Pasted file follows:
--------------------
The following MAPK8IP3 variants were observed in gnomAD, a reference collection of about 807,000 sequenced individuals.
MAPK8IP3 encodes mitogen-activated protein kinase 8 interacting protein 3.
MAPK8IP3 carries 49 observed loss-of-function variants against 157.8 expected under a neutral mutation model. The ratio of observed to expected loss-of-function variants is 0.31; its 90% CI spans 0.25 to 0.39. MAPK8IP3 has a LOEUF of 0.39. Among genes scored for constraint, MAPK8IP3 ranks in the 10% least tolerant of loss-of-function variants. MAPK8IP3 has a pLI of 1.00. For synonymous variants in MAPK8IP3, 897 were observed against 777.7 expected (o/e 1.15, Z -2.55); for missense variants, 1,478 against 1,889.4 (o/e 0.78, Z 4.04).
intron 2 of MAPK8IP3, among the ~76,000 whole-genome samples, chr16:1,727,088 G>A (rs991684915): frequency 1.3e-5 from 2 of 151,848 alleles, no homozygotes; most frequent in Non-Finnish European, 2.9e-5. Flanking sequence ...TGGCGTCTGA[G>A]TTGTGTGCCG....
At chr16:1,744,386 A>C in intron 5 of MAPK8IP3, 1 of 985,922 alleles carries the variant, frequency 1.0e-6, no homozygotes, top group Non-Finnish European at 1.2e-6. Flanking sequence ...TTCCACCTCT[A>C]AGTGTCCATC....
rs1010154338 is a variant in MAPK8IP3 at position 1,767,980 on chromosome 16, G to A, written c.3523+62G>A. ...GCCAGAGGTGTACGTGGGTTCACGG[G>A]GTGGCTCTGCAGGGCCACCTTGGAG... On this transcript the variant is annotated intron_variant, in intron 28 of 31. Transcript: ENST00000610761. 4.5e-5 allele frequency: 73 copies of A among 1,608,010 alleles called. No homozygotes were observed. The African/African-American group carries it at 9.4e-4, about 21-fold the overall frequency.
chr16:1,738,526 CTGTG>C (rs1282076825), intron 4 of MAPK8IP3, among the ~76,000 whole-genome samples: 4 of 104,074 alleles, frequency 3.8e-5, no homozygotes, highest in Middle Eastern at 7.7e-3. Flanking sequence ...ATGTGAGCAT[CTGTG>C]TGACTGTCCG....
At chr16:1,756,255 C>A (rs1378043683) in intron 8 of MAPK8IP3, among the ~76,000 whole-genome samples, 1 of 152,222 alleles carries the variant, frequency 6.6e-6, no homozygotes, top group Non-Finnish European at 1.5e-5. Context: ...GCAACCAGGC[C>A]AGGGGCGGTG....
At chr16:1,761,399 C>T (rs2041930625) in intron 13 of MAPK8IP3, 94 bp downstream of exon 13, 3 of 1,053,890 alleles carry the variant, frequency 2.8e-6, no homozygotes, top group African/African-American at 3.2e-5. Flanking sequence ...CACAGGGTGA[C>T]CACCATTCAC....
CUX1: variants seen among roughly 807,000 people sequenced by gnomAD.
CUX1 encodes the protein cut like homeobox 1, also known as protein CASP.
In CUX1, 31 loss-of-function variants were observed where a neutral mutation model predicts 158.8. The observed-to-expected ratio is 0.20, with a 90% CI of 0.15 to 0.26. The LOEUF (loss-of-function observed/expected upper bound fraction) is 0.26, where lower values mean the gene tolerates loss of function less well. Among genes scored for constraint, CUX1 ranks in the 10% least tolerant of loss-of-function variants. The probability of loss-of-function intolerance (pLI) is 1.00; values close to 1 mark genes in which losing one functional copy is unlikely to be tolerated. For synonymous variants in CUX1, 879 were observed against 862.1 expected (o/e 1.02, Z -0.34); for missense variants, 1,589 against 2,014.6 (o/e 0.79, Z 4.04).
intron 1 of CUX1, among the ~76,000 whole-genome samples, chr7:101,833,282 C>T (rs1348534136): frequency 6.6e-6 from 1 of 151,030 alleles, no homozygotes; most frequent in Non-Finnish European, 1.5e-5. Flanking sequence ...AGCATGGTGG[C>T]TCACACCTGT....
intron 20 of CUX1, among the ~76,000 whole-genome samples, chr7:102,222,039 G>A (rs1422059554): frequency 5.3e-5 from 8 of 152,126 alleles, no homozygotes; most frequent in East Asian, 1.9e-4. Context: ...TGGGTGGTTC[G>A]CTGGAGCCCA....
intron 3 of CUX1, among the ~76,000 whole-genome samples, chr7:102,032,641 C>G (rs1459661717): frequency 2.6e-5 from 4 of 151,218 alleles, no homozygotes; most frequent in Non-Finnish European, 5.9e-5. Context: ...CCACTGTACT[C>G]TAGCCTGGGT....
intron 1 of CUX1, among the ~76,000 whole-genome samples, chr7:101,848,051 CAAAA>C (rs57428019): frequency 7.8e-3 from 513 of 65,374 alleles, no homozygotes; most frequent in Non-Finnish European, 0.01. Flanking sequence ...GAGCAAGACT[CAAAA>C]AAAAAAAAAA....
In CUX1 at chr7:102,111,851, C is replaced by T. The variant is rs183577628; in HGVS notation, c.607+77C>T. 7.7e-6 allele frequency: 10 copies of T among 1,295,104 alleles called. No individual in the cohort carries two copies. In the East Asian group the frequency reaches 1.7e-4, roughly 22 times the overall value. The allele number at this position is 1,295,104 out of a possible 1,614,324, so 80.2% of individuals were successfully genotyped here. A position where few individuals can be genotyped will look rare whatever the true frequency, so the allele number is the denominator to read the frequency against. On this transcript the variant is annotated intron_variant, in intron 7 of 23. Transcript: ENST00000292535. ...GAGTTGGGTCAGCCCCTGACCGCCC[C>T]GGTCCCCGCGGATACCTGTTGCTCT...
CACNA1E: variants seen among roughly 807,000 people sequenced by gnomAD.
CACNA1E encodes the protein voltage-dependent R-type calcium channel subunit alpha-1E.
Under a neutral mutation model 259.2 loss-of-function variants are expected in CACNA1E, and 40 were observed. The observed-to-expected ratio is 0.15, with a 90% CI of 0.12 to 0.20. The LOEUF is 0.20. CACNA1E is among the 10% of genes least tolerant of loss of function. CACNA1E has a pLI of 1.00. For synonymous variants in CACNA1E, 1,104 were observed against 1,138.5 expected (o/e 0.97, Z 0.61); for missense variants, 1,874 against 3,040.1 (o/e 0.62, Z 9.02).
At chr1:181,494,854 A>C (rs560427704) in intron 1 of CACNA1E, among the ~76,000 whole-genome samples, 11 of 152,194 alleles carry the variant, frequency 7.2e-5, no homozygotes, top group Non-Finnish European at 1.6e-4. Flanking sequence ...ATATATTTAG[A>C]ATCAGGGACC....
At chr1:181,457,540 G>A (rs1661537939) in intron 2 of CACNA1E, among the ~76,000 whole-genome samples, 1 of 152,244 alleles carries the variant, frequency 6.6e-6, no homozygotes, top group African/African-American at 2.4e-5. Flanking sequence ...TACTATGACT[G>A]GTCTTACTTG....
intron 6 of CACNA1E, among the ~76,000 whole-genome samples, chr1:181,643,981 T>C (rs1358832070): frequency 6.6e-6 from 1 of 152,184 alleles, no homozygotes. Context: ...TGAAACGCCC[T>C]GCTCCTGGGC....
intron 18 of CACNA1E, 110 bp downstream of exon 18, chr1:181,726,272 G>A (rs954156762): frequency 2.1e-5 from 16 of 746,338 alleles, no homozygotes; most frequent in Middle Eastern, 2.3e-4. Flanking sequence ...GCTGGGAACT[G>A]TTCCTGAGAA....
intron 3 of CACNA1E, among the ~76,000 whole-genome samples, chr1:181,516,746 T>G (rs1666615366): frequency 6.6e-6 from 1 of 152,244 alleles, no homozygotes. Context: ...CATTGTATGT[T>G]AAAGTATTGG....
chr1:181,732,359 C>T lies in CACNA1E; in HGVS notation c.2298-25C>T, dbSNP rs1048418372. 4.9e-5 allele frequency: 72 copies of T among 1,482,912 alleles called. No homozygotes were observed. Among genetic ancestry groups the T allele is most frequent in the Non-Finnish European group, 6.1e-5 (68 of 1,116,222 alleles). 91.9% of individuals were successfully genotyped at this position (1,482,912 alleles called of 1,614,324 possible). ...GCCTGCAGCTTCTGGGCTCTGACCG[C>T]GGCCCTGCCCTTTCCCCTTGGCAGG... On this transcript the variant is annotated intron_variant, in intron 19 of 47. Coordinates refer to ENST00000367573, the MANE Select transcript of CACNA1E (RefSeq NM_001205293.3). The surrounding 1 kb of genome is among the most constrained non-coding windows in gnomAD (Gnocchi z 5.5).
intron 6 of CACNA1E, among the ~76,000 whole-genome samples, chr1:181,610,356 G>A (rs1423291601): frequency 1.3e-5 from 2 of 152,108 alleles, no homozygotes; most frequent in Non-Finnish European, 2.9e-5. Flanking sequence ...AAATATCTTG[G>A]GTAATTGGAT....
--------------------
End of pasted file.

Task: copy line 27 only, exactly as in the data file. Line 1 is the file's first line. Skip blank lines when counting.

intron 6 of CACNA1E, among the ~76,000 whole-genome samples, chr1:181,610,356 G>A (rs1423291601): frequency 1.3e-5 from 2 of 152,108 alleles, no homozygotes; most frequent in Non-Finnish European, 2.9e-5. Flanking sequence ...AAATATCTTG[G>A]GTAATTGGAT....